Oligarchic domination takes different forms in different societies. In contemporary democracies, we have to consider, among other things, the advantages that extreme wealth confers in relation to legal decisions and fiscal procedures. However, when we focus on the political context as narrowly understood, we will notice that in contemporary democracies the super-rich only rarely become politicians themselves – in contrast, for example, with what happened in ancient Rome, where the wealthiest citizens were often members of the Senate. Nowadays, the main tool of oligarchic domination is the capturing of the elected representatives. This can occur both before and after elections. It can occur by means of bribes and illegal forms of corruption, but it can also occur via more subtle and insidious mechanisms, which are usually perfectly compatible with existing legislation.

Elections are often seen as a necessary condition for a political system to be classified as democratic. But elections exclude and alienate most people from political power. Winning elections requires enormous resources, including capital. That is why in the past many theorists saw elections as an aristocratic solution to the problem of appointing politicians. Elections were a way of selecting representatives from a restricted pool, which typically comprised only individuals belonging to the most important (that is, the wealthiest) families in the polity, or individuals with strong ties to such families. Nowadays, the resources required in order to participate and win political competitions in electoral-representative democracies mean that, in general, someone can be elected to a political office only by gaining the support of oligarchies. Oligarchies can make it extremely unlikely that any individual who is hostile to their projects of wealth defense and wealth accumulation will be elected to important political offices.

If elected representatives have not been captured by oligarchies during the electoral campaign, they can be captured after the election (when they have been appointed). Super-rich individuals, corporations and financial firms have huge resources that they can and do use for efficient lobbying. This persuades elected bodies – both legislative bodies and executive bodies – to favour the interests of oligarchies, even when such interests are in conflict with the interests of the rest of the population.

One very important mechanism of oligarchic capture relates to the financing of states. Oligarchs can put very strong pressures on the decisions of executives and parliaments by lending financial resources to states (or other relevant political units). In the past, kings, princes and republics borrowed from wealthy families (often bankers) and were then forced to do what these families asked. In contemporary democracies, oligarchs can exert their influence on politics through the financial markets. According to German Chancellor Angela Merkel, democratic policy-making should be “in conformity with the markets” (marktkonform). (The problems generated by this mechanism of oligarchic capture are at the moment particularly acute, for example, in the periphery states of the European Union, which have to borrow money in order to finance their debt in a currency, the Euro, over which they basically have no control.)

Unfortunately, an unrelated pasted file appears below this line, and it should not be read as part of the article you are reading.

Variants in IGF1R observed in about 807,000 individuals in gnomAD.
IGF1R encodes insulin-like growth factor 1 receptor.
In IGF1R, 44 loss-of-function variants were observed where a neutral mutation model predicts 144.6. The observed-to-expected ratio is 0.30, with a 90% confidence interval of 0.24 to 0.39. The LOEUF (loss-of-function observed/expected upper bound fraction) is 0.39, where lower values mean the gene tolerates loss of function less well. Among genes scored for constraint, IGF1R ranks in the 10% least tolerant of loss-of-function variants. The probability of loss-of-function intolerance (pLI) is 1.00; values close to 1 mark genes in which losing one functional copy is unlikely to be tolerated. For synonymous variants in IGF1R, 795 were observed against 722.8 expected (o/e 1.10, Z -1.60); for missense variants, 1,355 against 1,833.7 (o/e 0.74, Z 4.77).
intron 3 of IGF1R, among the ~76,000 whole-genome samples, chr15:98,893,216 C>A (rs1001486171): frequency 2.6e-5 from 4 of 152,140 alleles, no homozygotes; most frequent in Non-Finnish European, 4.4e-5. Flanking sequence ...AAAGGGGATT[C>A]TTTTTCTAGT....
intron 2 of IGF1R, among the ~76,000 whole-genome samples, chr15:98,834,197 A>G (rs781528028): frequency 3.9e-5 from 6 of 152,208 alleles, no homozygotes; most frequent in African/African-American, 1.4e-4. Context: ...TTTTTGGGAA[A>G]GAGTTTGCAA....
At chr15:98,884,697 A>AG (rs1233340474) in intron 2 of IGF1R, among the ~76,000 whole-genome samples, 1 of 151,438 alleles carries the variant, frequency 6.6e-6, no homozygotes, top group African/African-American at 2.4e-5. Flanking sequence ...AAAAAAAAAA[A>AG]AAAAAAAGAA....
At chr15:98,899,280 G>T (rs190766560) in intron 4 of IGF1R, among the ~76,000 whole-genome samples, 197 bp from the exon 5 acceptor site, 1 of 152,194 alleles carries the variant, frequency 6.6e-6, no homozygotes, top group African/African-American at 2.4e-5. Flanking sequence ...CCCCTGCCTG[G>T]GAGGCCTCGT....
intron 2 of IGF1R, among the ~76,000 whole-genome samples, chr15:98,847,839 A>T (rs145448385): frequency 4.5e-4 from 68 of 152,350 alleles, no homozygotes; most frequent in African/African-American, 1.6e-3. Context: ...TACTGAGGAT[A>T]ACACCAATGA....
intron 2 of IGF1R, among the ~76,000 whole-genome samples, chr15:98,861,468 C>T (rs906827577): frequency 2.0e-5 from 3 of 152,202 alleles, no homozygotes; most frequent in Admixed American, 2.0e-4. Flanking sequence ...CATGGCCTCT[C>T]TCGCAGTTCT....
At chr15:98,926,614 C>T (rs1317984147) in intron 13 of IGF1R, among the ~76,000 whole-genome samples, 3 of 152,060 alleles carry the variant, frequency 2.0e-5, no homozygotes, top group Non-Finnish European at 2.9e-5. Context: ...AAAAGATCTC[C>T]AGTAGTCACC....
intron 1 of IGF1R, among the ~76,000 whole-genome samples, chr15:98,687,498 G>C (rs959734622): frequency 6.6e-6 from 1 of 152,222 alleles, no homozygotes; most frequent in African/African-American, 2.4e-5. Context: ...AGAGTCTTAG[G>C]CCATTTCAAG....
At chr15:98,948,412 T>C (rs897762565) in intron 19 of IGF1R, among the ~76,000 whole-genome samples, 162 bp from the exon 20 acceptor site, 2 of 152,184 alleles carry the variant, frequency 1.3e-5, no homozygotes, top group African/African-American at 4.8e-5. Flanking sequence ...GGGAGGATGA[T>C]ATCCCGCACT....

The so-called revolving doors between politics and business are also important in this context. It is a two-way traffic. Elected politicians and the regulators that they appoint know that they can get very well-paid jobs as consultants or advisors for big companies once their term ends. And, in the opposite direction, those who have tight links to the oligarchies are much more likely to find the financial and social resources needed to win elections or to be appointed as regulators. More generally, there are many subtle mechanisms that tend to align the interests of politicians and regulators (including, importantly, central bankers) with those of oligarchs.

Since the French Revolution, elected representatives in democratic regimes exercise their mandate freely: they are supposed to represent the nation as a whole rather than the interests and preferences of particular groups within society. In the standard view, an imperative mandate would be an unacceptable regress to a classist Ancien Régime, where delegates rigidly expressed the interests of specific social classes. However, a free mandate opens up a space between citizens and representatives that can be occupied and exploited by oligarchies, or by elected politicians themselves, in order to pursue their interests. This is one reason why some political movements are against a free mandate. We could say that such movements want to reoccupy that space that the oligarchs have occupied. (In a previous article, we have discussed this issue in detail in relation to the Italian Five Star Movement. According to some core members of the movement, elected representatives should be mere spokespersons for the views of the members of the movement as determined by online polling.)

Those who defend the electoral-representative institutions of contemporary democracies – for a recent robust example see Nadia Urbinati’s Democracy Disfigured (Harvard University Press, 2014) – argue that there are mechanisms to ensure that elected representatives behave in ways that promote the interests of ordinary citizens rather than those of oligarchies. Firstly, according to these theorists, if politicians want to be re-elected, they have to behave in ways that further the interests of ordinary citizens, who can provide many votes, as opposed to wealthy minorities that can carry only a small number of votes. Secondly, citizens have at their disposal informal instruments to put pressure on elected representatives even before election time. In particular, the media have a surveillance (watchdog) function and thereby constitute a powerful counter-power. The media, or ordinary citizens through the media, can bring disrepute to elected representatives by denouncing their actions when these favour the interest of the oligarchs rather than the interests of the rest of the population.